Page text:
GHP November 2016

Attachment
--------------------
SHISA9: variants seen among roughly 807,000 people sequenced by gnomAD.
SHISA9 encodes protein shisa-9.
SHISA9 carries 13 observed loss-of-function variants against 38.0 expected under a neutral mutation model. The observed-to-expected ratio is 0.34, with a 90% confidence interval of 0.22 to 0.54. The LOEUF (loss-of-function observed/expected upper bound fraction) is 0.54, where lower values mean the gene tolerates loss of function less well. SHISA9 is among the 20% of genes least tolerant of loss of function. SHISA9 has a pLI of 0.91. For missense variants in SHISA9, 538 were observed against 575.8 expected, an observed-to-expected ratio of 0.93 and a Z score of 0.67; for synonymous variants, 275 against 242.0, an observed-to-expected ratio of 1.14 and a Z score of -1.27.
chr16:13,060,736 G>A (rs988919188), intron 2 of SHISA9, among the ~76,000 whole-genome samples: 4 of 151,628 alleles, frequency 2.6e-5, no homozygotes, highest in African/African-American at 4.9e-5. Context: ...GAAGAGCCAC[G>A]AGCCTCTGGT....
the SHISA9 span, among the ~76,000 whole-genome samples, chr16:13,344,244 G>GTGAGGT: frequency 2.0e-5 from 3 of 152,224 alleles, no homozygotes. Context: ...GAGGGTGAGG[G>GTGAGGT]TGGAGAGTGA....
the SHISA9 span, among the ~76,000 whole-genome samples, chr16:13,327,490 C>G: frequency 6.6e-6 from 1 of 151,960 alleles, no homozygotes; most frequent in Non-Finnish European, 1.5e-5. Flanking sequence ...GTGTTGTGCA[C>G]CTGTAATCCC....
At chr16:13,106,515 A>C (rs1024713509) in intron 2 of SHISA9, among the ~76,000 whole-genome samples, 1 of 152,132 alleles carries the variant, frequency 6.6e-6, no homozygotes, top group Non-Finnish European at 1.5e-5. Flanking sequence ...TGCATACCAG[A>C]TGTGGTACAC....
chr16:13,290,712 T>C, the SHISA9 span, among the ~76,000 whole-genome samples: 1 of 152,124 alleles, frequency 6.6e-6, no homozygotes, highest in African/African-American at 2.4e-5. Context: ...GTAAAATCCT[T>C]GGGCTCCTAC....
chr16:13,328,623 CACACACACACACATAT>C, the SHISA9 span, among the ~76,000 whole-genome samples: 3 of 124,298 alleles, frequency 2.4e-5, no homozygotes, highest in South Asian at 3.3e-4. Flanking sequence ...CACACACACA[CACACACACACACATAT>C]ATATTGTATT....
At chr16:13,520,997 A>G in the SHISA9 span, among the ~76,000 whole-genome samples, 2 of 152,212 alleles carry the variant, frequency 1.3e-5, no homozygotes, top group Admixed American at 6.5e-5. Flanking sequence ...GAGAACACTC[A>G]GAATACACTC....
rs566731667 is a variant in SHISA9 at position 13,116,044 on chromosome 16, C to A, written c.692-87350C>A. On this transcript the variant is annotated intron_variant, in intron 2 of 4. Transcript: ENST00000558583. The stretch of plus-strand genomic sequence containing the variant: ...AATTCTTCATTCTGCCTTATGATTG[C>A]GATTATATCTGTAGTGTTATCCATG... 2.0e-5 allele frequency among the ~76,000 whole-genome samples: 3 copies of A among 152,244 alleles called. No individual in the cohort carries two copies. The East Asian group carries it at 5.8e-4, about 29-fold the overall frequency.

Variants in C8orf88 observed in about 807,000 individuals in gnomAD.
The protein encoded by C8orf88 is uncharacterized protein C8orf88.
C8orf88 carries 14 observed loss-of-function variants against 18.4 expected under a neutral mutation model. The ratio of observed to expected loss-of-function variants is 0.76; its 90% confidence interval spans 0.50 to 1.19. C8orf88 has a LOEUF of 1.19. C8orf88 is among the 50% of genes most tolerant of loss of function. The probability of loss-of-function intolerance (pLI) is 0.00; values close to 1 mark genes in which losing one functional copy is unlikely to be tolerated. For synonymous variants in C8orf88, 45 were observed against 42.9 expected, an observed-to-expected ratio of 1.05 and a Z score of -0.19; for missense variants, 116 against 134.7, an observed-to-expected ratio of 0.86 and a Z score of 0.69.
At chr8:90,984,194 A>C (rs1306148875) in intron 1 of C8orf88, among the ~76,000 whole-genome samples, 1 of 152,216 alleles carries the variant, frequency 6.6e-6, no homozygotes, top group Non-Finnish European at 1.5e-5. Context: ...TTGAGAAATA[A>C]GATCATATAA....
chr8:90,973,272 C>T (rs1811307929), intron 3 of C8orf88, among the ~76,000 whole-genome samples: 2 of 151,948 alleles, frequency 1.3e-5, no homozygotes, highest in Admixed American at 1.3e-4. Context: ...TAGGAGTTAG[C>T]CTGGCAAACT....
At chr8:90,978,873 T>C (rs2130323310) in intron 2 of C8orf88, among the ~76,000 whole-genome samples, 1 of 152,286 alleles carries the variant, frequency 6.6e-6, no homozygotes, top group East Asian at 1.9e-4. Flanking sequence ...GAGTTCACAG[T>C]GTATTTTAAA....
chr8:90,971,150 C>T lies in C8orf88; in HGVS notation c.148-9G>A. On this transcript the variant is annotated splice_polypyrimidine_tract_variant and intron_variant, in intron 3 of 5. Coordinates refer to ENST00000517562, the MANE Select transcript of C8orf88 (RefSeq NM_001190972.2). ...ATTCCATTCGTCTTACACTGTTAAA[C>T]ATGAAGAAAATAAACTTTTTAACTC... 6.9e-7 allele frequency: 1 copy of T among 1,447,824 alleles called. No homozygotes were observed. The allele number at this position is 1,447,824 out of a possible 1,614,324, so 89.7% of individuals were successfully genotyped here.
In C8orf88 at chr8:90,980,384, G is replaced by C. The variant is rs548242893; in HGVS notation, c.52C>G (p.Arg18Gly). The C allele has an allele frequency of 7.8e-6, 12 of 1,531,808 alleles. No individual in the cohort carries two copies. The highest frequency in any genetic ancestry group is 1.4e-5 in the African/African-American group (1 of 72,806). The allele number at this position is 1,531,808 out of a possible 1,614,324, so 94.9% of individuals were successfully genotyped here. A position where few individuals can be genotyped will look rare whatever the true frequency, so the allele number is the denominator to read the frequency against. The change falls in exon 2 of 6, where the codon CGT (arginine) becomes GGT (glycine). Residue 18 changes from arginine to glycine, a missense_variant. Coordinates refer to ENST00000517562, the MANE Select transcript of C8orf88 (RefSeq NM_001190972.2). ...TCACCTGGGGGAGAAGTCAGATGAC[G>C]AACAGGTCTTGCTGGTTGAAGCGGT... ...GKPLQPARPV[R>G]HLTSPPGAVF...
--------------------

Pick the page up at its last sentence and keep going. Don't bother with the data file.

ghp November 2016 | 15 Utilizing genomic analysis, which unlocks a patient’s genetic and proteomic makeup, researchers can customize therapies by analysing patients’ susceptibility to disease and predicting their response to a particular drug. As data is collected and disseminated to researchers, we hope to uncover pharmaceutical combinations that increase efficacy in treating cancer – and with fewer side effects for patients. Evolution Central to the work of the Paediatric Consortium is the Chan Soon-Shiong Children’s Precision Medicine Institute at Phoenix Children’s Hospital, a joint venture that launched in 2014. The Institute offers whole genome sequencing, RNA sequencing and proteomics. It also offers an advanced technological infrastructure that will move the work of the Consortium forward. Our High-Performance Computing Platform allows the Institute to offer high-throughput, complex genomic analysis to researchers across the country; a direct high-speed “fibre” connection enables rapid transfer of genomic data; and a comprehensive cancer population management platform was created not only to collect and analyse clinical data, but to actively assist in the comprehensive clinical management of patients’ lives. Our first step for the Consortium was to enable real-time information sharing of patient outcomes, clinical trial data, genomic and proteomic sequencing analyses and treatment efficacy. This knowledge dissemination is critical to the design of Moonshot and promotes synergy among participants. The next step in the blueprint is certification. Last year, the Phoenix Children’s Biospecimen Sciences Program was accredited by the College of American Pathology, making our biorepository one of only three children’s hospitals nationwide with CAP-accreditation. Now, we are working toward certification from the Clinical Laboratory Improvement Amendments. Once this certification is in place, Phoenix Children’s will be the only U.S. children’s hospital with both CAP accreditation and CLIA certification. These accomplishments will position the Consortium with the finest research capabilities and capacity in the country. In the future, we envision that personalized medicine will not be reserved for a select few; genomic screening will be available to all children under the care of a Phoenix Children’s provider. Our vision will be reality very soon; physicians will help identify children who are more highly prone to paediatric diseases. Oncologists, cardiologists, neurologists, genetic counsellors and other experts will weave this data into the standard of care they provide. Conclusion Much has been accomplished, yet so much work remains for the Consortium. Cancer Moonshot is a bold endeavour and the year 2020 is fast approaching, but we remain undaunted as we strive for the seemingly impossible -- to break down conventions in pursuit of a world that is cancer-free. I am reminded of what President Kennedy said about the 1960s Moonshot. “We choose to go to the moon. We choose to go to the moon in this decade, and do the other things, not because they are easy, but because they are hard, because that goal will serve to organize and measure the best of our energies and skills, because that challenge is one that we are willing to accept, one we are unwilling to postpone, and one which we intend to win.” Robert L. Meyer is President and CEO of Phoenix Children’s Hospital.